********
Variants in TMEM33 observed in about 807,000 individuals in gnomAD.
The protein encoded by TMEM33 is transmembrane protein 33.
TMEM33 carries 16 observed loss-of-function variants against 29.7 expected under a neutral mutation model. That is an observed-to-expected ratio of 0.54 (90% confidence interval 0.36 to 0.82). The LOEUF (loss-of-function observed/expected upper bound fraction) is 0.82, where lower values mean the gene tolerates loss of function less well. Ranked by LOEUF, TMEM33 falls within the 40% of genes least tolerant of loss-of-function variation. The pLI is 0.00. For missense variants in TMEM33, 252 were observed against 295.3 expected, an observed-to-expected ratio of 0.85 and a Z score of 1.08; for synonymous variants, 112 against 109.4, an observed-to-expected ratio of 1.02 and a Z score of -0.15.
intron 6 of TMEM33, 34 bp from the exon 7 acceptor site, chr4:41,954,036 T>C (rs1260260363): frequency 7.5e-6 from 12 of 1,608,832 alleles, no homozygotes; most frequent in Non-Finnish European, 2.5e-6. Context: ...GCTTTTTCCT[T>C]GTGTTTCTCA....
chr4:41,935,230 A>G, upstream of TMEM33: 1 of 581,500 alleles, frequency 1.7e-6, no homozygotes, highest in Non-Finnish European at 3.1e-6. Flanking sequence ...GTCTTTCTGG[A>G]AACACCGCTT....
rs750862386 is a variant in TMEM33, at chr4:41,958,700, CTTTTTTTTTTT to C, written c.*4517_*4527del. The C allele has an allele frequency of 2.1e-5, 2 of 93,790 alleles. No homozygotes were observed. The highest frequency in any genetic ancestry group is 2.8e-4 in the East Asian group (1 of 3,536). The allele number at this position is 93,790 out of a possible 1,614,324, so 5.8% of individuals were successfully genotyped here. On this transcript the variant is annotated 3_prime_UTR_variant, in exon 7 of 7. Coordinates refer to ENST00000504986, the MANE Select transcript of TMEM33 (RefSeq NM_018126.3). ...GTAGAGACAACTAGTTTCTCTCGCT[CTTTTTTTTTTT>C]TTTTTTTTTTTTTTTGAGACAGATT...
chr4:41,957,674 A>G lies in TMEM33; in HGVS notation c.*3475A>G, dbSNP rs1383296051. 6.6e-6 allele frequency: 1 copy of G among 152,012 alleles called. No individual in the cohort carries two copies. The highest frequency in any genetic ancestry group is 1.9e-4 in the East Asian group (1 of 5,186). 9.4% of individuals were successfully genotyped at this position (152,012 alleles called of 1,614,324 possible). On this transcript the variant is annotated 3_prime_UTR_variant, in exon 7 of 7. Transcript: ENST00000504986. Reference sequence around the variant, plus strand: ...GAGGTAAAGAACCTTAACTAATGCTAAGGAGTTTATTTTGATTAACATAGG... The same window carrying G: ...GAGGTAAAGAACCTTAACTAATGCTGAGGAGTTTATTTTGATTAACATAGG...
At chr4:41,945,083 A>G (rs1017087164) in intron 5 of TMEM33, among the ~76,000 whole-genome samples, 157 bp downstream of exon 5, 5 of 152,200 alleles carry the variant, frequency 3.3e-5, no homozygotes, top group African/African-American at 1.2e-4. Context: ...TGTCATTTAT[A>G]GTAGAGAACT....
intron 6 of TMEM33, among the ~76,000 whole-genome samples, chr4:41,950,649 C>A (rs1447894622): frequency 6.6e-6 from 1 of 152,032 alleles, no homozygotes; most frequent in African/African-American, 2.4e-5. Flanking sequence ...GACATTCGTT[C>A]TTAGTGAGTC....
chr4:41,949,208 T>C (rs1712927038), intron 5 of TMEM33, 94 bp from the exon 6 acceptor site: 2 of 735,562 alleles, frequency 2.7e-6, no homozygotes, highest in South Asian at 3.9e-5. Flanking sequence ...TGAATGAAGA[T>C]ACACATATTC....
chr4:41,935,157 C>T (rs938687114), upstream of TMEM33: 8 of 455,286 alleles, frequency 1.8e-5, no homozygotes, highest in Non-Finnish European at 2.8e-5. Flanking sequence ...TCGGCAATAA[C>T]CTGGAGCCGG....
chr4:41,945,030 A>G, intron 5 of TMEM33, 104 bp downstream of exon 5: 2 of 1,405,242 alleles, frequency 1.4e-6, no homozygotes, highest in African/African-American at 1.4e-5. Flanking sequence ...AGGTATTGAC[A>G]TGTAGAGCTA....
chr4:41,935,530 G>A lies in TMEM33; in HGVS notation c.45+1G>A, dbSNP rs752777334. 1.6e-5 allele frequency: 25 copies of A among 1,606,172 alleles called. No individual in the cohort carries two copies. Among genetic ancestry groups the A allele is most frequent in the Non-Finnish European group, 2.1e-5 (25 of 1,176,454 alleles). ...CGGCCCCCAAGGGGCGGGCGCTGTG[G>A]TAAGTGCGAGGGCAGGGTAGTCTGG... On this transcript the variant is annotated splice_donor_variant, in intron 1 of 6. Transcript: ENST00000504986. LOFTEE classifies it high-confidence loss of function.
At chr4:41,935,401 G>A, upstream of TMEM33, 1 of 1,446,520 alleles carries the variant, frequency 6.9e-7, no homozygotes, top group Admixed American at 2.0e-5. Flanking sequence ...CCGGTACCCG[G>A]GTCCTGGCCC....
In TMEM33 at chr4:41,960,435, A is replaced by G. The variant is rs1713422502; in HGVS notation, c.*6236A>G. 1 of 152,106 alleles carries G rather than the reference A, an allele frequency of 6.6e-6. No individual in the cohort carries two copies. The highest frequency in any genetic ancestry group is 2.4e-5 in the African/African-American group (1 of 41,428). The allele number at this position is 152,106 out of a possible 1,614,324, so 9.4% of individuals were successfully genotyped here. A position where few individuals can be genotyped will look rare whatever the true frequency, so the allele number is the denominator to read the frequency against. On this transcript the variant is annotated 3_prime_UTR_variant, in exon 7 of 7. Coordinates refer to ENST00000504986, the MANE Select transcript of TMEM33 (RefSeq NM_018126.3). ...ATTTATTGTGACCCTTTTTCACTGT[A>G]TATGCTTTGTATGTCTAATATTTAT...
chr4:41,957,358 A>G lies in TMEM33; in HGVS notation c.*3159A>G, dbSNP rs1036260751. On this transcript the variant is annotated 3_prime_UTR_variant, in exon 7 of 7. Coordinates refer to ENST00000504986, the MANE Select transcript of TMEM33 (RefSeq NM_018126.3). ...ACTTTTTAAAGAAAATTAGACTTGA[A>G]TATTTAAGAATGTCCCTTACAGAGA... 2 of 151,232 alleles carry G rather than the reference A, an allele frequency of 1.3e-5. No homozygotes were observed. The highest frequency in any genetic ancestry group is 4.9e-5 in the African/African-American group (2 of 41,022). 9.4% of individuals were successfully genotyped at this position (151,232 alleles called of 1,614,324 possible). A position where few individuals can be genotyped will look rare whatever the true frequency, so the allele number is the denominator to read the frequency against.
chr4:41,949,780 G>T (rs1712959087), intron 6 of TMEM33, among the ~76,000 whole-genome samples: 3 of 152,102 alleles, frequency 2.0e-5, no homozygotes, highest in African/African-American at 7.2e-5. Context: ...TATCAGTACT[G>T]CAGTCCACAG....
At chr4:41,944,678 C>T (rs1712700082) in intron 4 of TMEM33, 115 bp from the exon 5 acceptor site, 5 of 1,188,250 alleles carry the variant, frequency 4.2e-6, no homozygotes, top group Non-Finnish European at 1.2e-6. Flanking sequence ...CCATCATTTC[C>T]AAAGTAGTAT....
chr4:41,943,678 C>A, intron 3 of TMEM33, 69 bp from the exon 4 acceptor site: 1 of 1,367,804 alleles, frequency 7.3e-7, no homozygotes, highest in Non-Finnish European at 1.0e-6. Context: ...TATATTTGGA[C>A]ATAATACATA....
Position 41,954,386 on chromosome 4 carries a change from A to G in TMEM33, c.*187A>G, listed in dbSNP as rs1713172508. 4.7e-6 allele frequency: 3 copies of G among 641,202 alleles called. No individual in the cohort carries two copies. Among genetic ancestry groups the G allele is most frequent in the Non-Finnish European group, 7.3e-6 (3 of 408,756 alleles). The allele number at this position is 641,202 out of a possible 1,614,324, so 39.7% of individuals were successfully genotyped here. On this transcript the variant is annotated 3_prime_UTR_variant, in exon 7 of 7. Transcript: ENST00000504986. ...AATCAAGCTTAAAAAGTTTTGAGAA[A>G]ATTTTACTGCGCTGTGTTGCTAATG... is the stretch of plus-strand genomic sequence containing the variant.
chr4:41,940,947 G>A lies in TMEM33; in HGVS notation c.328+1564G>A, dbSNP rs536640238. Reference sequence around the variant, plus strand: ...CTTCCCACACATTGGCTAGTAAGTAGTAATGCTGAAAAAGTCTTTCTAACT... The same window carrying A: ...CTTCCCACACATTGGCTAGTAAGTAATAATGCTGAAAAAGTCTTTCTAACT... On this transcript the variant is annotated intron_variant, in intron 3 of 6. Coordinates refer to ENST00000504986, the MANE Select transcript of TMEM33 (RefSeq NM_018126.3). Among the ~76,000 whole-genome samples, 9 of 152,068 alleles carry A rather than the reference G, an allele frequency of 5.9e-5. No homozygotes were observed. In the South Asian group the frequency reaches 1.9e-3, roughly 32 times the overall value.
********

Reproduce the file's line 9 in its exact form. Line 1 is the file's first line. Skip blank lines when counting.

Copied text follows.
intron 6 of TMEM33, among the ~76,000 whole-genome samples, chr4:41,950,649 C>A (rs1447894622): frequency 6.6e-6 from 1 of 152,032 alleles, no homozygotes; most frequent in African/African-American, 2.4e-5. Flanking sequence ...GACATTCGTT[C>A]TTAGTGAGTC....